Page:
best chocolate pudding

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Silky Chocolate Pudding
Adapted from John Scharffenberger, via Wednesday Chef

Updated 10/22/13: It had been way too long since I’d made this (shame on me!) but when I did last night, I remembered how easy it was, and decided this recipe was overdue for some streamlining. As so many of you informed me, a double-boiler is not necessary and in fact makes the pudding take forever. When you remove that process, this becomes even more of a cinch (one pot, four ingredients plus vanilla and salt), and deserves to go in your regular rotation. For the “kids.” ;)

New note 12/1/13: Replacing one ounce of the semisweet chocolate with unsweetened chocolate gave this a fantastic extra chocolate oomph/slight extra bittersweet boost. We’re going to make it this way going forward. And another note 10/13/14 because I can’t stop fidgeting over this recipe: Dropping the sugar to 1/3 cup but using all semi- or bittersweet chocolate gives the pudding a real intense chocolate gravitas, too, plus more of a grownup-level sweetness.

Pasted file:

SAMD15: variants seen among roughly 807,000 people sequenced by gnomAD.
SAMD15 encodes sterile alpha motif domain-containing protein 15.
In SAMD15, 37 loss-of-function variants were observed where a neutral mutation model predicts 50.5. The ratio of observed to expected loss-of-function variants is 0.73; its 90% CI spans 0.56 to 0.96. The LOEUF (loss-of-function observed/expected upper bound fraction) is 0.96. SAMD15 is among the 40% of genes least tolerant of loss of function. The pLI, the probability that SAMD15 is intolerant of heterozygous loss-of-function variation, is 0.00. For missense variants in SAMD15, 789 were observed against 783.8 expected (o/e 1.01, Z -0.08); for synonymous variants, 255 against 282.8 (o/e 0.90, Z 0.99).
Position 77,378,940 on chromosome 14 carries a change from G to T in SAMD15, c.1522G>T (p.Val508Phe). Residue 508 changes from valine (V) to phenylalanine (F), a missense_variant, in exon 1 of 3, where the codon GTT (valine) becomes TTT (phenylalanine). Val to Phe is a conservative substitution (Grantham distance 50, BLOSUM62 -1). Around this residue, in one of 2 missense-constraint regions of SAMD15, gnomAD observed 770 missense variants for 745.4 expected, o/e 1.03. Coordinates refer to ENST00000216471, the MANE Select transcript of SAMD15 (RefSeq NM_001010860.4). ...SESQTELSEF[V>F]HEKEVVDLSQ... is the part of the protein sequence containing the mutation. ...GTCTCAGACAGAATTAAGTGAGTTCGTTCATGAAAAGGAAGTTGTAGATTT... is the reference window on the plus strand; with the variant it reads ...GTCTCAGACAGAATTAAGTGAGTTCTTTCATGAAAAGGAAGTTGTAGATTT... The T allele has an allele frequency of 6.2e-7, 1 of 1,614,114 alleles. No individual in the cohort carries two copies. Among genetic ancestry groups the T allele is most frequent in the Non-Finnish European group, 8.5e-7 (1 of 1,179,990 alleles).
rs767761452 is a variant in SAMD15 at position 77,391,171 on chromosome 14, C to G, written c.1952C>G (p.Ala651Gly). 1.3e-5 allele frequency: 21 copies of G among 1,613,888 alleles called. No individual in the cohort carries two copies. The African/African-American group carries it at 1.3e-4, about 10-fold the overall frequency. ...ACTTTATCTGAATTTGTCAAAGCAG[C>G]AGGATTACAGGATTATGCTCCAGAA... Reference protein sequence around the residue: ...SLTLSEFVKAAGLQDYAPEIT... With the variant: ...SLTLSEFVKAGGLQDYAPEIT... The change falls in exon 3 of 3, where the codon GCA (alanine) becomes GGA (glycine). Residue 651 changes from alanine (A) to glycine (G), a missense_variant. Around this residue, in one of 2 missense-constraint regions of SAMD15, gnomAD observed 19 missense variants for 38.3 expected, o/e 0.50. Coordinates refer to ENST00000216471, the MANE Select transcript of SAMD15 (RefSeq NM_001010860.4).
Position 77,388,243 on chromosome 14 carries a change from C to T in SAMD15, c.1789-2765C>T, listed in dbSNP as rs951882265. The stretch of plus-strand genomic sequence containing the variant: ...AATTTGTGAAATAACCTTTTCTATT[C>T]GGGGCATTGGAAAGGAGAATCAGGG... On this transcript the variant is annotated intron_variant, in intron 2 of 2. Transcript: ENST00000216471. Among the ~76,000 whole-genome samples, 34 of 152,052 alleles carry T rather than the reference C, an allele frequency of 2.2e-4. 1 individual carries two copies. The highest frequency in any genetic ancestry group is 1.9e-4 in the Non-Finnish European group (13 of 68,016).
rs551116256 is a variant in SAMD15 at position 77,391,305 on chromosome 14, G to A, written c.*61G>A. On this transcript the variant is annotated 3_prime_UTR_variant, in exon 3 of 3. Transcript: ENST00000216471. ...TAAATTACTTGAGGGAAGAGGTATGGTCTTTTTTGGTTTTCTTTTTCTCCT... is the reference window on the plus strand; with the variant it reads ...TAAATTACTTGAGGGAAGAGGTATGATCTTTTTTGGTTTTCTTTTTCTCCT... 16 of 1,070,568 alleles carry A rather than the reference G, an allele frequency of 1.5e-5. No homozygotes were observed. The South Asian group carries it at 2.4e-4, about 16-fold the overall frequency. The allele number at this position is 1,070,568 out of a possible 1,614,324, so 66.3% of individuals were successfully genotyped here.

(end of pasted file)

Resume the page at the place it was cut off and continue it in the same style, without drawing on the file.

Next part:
Serves 6 to 7

1/4 cup (30 grams) cornstarch
1/2 cup (100 grams) sugar
1/8 teaspoon salt
3 cups (710 ml) whole milk
6 ounces (170 grams) semi- or bittersweet chocolate, coarsely chopped (or 1 cup good chocolate chips)
1 teaspoon (5 ml) pure vanilla extract

Combine the cornstarch, sugar and salt in a medium saucepan, Slowly whisk in the milk, in a thin steam at first so that lumps don’t form, then more quickly once the cornstarch mixture is smoothly incorporated. Place over medium-low heat and stir occasionally, scraping the bottom and sides. Use a whisk as necessary should lumps begin to form. After 10 minutes or so (slower over lower heat is better, to give the cornstarch time to cook), before it starts to simmer, the mixture should begin to thicken, enough that it will coat the back of a spoon. Add the chocolate, and continue stirring for another 2 to 4 minutes, until chocolate is fully incorporated and mixture is quite thick. Remove from heat and stir in the vanilla.

If you’re concerned about lumps: Run mixture through a fine-mesh strainer.

Distribute among individual pudding cups or one large serving bowl, and chill until it is cool and set, about 2 to 3 hours.

If you dislike pudding skin: Put plastic on top of the pudding and smooth it gently against the surface before refrigerating.

Do ahead: Pudding is good for 3 days in the fridge but nobody I know would allow it to last that long.


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